The fires that devastated Maui this month are reigniting calls for tech billionaires there to be better neighbors — or maybe not be neighbors at all.
Amazon executive chair Jeff Bezos, PayPal co-founder Peter Thiel, Nvidia president and CEO Jensen Huang, and Workday co-founder David Duffield all own sprawling properties on the island of Maui. Oracle co-founder Larry Ellison owns nearly all of the nearby island of Lanai that’s part of Maui County. Bezos and Ellison alone make up two of the four richest people on Earth. And those are just some of the big names on Maui. Celebrities and tech giants like Mark Zuckerberg and Marc Benioff have scooped up vast estates across other parts of Hawaii.
As they’ve used their wealth to amass huge properties, it’s become harder for Native Hawaiians and other residents to afford living on Maui. The land itself was taken from Native Hawaiians after the overthrow of the Hawaiian Kingdom in 1893. In the aftermath of the deadliest wildfires in Hawaii’s history, residents fear another potential land grab by realtors who might capitalize on the disaster.
“Billionaires coming to Maui, buying up large swaths of land as their, I don’t know, seventh vacation home, it’s painful for our community.”
On top of remaking a life from the ashes, many survivors are also fighting to keep the community together. Lahaina was once the capital of the Hawaiian Kingdom. And as it’s rebuilt, Native Hawaiians, or Kanaka Maoli, want to ensure that their people and culture aren’t wiped off the map like thousands of its homes and buildings were during the fires.
What tech billionaires do with their money and influence in Maui could play a part in how hard that fight could turn out to be. Their presence alone has raised problems for locals. And donations alone aren’t enough without other measures to empower residents with generational ties to the land, community leaders tell The Verge.
“Billionaires coming to Maui, buying up large swaths of land as their, I don’t know, seventh vacation home, it’s painful for our community,” Maui County Councilmember Keani Rawlins-Fernandez, who grew up on the island of Molokai that’s part of Maui County, tells The Verge. “It underscores the stark disparity between indigenous people who want to mālama ‘āina, care for our land, and those who see Hawaii as a vacation destination.”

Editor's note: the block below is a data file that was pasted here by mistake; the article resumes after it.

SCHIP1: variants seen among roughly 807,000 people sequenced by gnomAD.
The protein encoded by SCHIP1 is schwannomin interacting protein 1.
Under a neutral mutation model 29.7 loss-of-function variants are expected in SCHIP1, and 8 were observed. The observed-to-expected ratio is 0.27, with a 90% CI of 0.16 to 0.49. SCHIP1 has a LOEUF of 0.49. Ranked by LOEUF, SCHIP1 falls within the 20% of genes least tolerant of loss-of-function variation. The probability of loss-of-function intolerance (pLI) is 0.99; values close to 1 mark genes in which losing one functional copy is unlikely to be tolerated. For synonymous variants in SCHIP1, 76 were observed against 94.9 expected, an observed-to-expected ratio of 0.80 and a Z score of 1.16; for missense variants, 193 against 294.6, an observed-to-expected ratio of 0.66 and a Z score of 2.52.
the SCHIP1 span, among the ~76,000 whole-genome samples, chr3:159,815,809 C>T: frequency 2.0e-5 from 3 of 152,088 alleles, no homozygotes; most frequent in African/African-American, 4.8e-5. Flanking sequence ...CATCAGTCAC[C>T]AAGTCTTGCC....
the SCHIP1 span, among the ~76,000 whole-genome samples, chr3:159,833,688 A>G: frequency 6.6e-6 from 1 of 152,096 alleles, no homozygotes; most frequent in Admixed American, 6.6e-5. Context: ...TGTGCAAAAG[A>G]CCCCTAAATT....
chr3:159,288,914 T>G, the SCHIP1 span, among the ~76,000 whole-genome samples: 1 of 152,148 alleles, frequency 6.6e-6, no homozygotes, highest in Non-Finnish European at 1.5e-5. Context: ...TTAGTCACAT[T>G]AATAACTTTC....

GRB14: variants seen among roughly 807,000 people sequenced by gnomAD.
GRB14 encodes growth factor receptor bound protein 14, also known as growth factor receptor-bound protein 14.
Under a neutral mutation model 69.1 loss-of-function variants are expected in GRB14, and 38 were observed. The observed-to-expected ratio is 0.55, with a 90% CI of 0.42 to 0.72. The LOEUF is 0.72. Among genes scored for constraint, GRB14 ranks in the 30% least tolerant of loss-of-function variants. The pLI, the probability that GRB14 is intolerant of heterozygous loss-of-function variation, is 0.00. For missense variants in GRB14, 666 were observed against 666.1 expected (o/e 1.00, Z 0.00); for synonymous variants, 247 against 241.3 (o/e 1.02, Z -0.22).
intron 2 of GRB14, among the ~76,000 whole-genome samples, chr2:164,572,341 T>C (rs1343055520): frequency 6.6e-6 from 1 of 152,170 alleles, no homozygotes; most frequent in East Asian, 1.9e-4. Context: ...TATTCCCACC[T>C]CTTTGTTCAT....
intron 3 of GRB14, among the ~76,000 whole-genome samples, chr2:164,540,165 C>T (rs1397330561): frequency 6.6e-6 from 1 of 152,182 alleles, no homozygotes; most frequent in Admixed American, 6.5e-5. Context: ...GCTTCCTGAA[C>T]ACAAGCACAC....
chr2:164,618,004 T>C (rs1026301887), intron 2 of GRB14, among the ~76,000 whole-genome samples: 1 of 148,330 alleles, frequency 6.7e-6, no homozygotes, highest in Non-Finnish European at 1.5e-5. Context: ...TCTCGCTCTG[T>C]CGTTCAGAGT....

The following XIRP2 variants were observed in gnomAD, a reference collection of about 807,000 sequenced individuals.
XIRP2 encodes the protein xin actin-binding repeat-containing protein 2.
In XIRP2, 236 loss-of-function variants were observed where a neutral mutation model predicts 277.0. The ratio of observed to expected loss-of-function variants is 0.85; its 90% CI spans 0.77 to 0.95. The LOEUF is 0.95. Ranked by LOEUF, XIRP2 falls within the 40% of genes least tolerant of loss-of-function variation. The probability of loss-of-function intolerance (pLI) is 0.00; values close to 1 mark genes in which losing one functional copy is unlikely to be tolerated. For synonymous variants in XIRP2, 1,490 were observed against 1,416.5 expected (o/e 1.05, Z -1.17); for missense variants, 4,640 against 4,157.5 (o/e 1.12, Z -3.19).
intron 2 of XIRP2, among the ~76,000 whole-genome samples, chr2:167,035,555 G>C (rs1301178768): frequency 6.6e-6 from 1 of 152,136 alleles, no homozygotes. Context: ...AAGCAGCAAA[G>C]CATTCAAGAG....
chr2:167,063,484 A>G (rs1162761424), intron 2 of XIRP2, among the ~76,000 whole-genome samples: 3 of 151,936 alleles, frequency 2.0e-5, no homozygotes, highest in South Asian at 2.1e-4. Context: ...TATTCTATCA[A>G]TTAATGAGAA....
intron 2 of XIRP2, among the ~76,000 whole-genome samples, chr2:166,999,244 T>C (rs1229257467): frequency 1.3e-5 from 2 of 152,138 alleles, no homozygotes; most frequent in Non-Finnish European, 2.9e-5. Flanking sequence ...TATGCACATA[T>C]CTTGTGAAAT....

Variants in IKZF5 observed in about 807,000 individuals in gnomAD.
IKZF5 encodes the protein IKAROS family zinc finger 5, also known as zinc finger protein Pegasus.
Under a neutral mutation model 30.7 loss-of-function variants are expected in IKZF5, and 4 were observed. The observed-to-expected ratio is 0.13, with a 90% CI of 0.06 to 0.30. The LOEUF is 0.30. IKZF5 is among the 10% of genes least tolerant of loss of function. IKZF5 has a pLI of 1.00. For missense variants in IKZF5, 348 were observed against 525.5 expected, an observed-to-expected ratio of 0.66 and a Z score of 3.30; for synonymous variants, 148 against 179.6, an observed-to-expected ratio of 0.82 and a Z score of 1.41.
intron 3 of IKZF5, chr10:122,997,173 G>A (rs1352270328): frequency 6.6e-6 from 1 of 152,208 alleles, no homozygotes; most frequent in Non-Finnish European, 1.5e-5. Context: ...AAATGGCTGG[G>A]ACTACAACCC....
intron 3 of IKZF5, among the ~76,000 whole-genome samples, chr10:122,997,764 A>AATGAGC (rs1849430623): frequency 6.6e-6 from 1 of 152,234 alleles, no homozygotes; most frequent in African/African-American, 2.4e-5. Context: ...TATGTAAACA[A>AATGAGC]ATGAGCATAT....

The most extreme example is Larry Ellison’s mini-empire on the island of Lanai. It’s part of Maui County, although it’s not on the island affected by the fires this month. Ellison purchased 98 percent of the island for a cool $300 million back in 2012. He owns close to 90,000 acres, including most of Lanai’s commercial properties and a couple Four Seasons resorts.
“Ellison is a modern American king — incomprehensibly wealthy and powerful,” Sophie Alexander writes in a 2022 Bloomberg Businessweek exposé on Ellison’s operations on Lanai. “Many residents both rent from him and work for him, and a provision in his residential leases states that if you’re terminated from a job with any of his companies, you can be kicked out of your home, too.”
Meta CEO Mark Zuckerberg has reportedly paid around $170 million to accumulate 1,500 acres on the island of Kauai (which is not part of Maui County). In 2017, he filed lawsuits against descendants of Kuleana tenant farmers with claims to the land, using a legal maneuver called “quiet title and partition” to try to force the sale of undeveloped land. After facing backlash, Zuckerberg dropped the lawsuits and wrote, “We love Kaua`i and we want to be good members of the community for the long term,” in a letter published in the local paper The Garden Island.
“It’s almost like a second wave of colonization, which is these ultra-rich individuals, a lot of tech giants, are buying property and creating their own colonies,” says Davis Price, who is Native Hawaiian from Oʻahu and Hawaiian regional director for the Indigenous-led nonprofit NDN Collective. “When you have ultra-wealthy folks purchasing large swaths of land, not only does it often displace people, but it gives them a lot of influence in terms of how things are done in their communities, and it becomes a threat and a change to the way of life.”
A spokesperson for the Four Seasons responded to an inquiry from The Verge on behalf of the resort but didn’t answer questions about whether Ellison was taking any personal actions to support relief funds. The company has set up a fundraiser for donations to help its staff. “After all impacted employees have received support, remaining funds will be distributed to the Maui community through the Hawai’i Community Foundation’s Maui Strong Fund,” Lori Holland, senior director of public relations and communications for Four Seasons Resorts Lanai, wrote in an email.
Jensen Huang and his wife “have already donated significantly to local relief efforts,” according to Nvidia spokesperson Bob Sherbin. Sherbin didn’t share how much they’ve donated, saying in an email that “As it becomes clear how they can best help more, they will do so.” Zuckerberg and his wife, Priscilla Chan, announced that they had donated to the Maui Strong Fund on Facebook on August 11th without saying how much. Spokespeople for Workday, where Duffield is CEO Emeritus, and for the Thiel Foundation didn’t respond to inquiries from The Verge. Neither did the press contact for the Bezos Earth Fund.